Justice Neil Gorsuch has issued his first Supreme Court opinion, with a unanimous court backing the recently appointed justice.
The opinion was released after the nation's highest court ruled Monday that a company involved in a debt collection dispute does not fall under a federal law that protects consumers from dishonest and exploitative debt collectors, limiting the law's reach.
The case, Henson v. Santander Consumer USA Inc., concerned the federal statutory definition of "debt collector" under the Fair Debt Collection Practices Act, or FDCPA.
CitiFinancial Auto had loaned money to petitioners to buy cars, but the petitioners defaulted on their auto loans. Santander purchased the resultant debt from CitiFinancial and attempted to collect on it.
The court's judgement hinged on whether Santander was acting more like a third-party debt collector or a primary creditor. Does the FDCPA, in Gorsuch's words, "treat the debt purchaser in that scenario more like the repo man or the loan originator?" The opinion concluded more the latter, rejecting the petitioners' suit brought against Santander.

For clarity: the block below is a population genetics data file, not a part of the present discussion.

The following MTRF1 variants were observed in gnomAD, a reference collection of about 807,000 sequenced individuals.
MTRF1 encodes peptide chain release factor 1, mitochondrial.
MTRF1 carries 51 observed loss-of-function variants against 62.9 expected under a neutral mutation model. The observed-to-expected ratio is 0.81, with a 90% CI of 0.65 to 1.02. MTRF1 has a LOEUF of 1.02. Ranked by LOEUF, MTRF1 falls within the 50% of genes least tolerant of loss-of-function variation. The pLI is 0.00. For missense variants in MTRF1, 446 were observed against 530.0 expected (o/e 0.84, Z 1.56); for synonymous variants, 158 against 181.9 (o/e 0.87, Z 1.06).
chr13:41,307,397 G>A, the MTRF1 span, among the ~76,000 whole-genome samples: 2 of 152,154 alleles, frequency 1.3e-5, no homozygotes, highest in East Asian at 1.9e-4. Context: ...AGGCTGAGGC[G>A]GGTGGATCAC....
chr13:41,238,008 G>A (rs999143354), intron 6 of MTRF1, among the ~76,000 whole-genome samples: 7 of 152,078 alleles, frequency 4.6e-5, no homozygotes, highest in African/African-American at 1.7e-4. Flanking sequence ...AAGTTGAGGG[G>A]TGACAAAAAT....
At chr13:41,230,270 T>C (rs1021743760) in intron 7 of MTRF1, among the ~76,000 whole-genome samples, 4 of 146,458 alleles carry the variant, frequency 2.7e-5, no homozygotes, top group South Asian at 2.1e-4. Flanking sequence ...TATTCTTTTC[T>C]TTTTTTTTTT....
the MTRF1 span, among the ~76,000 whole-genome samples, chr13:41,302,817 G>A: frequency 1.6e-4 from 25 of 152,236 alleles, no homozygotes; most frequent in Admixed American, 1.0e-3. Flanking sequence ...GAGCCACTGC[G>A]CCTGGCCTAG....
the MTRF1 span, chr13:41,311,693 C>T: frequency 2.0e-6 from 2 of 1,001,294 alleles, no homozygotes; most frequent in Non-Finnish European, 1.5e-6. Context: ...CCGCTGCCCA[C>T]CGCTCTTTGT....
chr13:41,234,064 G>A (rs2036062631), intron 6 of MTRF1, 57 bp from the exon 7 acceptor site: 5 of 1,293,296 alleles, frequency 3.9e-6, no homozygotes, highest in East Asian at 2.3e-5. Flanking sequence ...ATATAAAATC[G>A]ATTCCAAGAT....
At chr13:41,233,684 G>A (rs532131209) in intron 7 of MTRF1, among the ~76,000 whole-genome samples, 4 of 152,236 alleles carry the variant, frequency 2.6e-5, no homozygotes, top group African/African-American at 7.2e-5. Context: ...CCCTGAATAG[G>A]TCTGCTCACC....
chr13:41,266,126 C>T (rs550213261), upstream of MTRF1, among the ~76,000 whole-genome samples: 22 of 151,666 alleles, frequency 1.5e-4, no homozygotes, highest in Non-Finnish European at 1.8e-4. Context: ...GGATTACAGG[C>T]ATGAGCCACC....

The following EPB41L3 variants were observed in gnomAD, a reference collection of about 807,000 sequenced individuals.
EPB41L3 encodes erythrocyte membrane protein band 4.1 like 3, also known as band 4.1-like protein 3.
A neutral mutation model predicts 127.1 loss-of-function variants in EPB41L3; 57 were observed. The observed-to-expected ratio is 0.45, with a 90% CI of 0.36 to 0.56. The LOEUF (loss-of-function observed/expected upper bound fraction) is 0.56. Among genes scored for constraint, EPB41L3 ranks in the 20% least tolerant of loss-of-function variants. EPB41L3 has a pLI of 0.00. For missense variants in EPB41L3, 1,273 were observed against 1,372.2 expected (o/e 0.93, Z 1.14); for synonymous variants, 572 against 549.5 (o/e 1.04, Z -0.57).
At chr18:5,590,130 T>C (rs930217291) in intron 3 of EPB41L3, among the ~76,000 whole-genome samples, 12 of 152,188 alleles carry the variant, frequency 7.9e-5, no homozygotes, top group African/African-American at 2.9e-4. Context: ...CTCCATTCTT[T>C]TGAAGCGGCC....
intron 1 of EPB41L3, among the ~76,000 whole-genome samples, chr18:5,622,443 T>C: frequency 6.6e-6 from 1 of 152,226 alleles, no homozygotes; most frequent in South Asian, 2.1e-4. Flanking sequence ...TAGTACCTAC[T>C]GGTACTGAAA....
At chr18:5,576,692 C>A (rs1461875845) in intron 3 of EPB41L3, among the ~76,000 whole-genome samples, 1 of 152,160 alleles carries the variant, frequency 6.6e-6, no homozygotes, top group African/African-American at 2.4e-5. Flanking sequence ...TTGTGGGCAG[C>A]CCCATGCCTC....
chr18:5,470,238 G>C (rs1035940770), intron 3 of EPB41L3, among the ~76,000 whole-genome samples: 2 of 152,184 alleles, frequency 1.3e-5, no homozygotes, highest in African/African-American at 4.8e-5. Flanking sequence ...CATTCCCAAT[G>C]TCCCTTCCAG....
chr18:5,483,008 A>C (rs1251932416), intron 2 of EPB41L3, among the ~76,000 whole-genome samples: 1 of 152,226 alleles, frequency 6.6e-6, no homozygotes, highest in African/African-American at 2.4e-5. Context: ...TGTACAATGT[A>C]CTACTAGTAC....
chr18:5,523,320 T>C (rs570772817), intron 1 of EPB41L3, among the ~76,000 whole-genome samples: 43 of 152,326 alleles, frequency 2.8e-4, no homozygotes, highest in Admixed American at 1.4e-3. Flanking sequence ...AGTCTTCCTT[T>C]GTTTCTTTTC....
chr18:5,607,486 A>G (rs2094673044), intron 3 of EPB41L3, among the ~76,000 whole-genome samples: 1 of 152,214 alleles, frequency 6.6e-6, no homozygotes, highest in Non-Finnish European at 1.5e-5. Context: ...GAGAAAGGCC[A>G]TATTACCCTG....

Gorsuch's writing style, which has been described as breezy and clever, was on display from the opinion's first sentence.
"Disruptive dinnertime calls, downright deceit, and more besides drew Congress's eye to the debt collection industry," he wrote, summarizing the legislative history of the FDCPA.
Gorsuch discussed the wording of the law, among other issues, to argue why the court dismissed the petitioners' suit, affirming a lower court's ruling.
"If Congress wanted to exempt all present debt owners from its debt collector definition, petitioners submit, it would have used the present participle ‘owing.' That would have better sufficed to do the job—to make clear that you must collect debts currently ‘owing … another' before implicating the Act," Gorsuch wrote. "But this much doesn't follow even as a matter of good grammar, let alone ordinary meaning."
The high court's newest member concluded that debt collector laws may change in the future but not the role of the judiciary in analyzing them.
"Constant competition between constable and quarry, regulator and regulated, can come as no surprise in our changing world," Gorsuch wrote. "But neither should the proper role of the judiciary in that process—to apply, not amend, the work of the People's representatives."